Slap a fancy name on something and you can charge a lot more for it.
The Porsche Design Huawei Mate 9 is crazy expensive, especially when you can get it without the Porsche name for less than half the price in the shape of the Huawei Mate 9 Pro.
You’d have to be mad to buy this phone when the Samsung Galaxy S7 Edge costs almost S$1000 less.
But that doesn’t mean this is a bad phone. Anything but.
Not just another Mate
Ignore the name - this isn't just a regular Mate 9 with the Porsche Design name engraved into it. The two are completely different.
The Porsche Design Mate 9 is a much smaller phone, with a 5.5in screen instead of a 5.9in one. It's got curves in all the right places, too - namely the edges of the screen. And moving the fingerprint sensor to the front leaves it with a lot more in common with the Galaxy S7 Edge than the Mate 9. Yep, we went there.
It really has a look of its own, though. The back is a dark, near-black hue of blue, carved from one sheet of brushed aluminium. You can’t miss that great big Porsche Design logo on the front, either. You’ve paid for it, so it might as well be loud and clear.
The Porsche Design Mate 9 is very skinny at 7.5mm thick, even if the design award still goes to the Samsung Galaxy S7 Edge, as it’s about 2.5mm narrower. This is still one of the most striking phones around, mind.
There are extras aplenty too. There's a factory-applied screen protector to keep the super-hard Gorilla Glass 4 looking perfect for even longer, there’s a now super-rare IR blaster, which lets the phone work as a universal remote, and a great fingerprint scanner.
It sits around the front, a departure from Huawei’s standard rear scanners, but works just like a classic Huawei model. There’s no button, you just put a finger on the recessed pad and it does the rest. It’s lightning-fast, too.
The one thing missing is water resistance. Neither Mate 9 is. Bummer, right?
The Porsche might have a smaller screen than the regular Mate 9, but it still manages to pack in more pixels. The 5.5in, 2560x1440 OLED is as good a spec as you’ll find in any of 2016’s best phones.
Colours are punchy, contrast is perfect thanks to those pitch-black OLED pixels and, compared to the Sasmung Galaxy S7 Edge, the display barely curves at the edges at all. Whether that’s a pro or con is up to you: a lot of people find the Samsung’s shapely curves distracting.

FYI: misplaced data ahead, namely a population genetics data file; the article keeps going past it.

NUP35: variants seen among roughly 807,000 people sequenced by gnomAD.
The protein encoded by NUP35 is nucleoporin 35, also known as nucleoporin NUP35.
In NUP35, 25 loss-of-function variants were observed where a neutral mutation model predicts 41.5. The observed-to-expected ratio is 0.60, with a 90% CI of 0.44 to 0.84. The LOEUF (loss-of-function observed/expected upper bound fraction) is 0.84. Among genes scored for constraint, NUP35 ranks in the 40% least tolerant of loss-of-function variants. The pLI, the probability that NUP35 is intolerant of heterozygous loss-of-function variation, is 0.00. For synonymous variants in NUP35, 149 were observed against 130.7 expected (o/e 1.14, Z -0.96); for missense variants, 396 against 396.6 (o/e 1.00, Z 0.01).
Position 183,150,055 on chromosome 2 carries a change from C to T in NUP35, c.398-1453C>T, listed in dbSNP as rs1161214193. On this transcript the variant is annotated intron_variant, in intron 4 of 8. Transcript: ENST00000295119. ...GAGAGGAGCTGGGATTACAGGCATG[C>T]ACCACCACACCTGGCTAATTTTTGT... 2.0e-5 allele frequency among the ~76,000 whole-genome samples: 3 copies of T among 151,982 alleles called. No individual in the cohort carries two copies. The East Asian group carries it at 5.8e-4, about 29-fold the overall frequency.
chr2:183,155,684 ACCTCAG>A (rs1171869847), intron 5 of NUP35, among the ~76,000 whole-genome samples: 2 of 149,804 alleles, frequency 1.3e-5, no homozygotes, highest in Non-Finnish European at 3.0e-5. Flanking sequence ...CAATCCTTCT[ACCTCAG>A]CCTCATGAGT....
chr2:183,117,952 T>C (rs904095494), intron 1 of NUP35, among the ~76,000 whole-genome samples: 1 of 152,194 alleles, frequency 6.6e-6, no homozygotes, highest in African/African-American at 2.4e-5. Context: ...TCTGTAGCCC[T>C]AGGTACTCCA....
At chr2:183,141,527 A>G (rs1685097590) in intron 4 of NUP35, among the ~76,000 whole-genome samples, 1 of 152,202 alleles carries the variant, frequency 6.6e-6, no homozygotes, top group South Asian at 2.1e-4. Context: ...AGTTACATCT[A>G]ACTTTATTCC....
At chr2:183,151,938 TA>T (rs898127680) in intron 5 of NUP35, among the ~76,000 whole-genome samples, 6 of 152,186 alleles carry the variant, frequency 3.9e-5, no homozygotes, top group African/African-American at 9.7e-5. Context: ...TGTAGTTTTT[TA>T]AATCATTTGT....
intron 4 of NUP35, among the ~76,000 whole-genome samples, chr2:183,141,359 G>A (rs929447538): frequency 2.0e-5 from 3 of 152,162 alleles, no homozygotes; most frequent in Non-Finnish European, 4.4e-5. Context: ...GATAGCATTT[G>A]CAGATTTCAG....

You can fiddle with the colour temperature to get a perfect personal preference, just like most of Huawei's phones, and there’s a night reading mode that turns white hues as yellowy as an old paperback’s pages.
Samsung’s best give you even more customisation, but the Porsche Design Mate 9 is a close match in quality terms - not least because it almost certainly uses a Samsung screen.
Huawei eats humble pie
The software, though? That's all Huawei. The Porsche Design Mate 9 uses Huawei's EmotionUI interface, running on top of Android 7.0.
For years, critics have complained that Huawei fiddles with Android too much: zapping the apps menu, overly aggressive power management, endless popups. Now, there's finally the option to make EmotionUI feel more like normal Android.
A quick flick of a switch in the Settings menu now restores the apps drawer. It doesn’t look exactly like the Android one - more like the apps menu of nerd’s choice CyanogenMod. Still, it marks a big swallowing of Huawei pride.
There are other quirks, of course. Fresh out of the box, the Porsche Mate 9 has a pretty ugly set of icons. They’re meant to look classy and luxurious, but it’s the phone equivalent of covering a Porsche’s leather dashboard with tin foil.
You can fix this easily, though. A Themes app lets you reskin the software, replacing wallpapers, icons and even the style of the lock screen. There are dozens to download. Plenty are ugly, but there are some more neutral gems in there too.
A few tweaks and the Porsche Mate 9 should suit most tastes, but anyone complaining that Huawei has ruined Android just hasn’t looked deep enough into how much control you have here. It’s far more flexible than a pure Android phone.
Performance is also flat-out fantastic. We haven't noticed any weird bugs, no annoying slow-down, and it's easily one of the fastest Android phones in the world right now. Sure, that’ll all change in a couple of months, but why not let Huawei bask in glory for 10 minutes?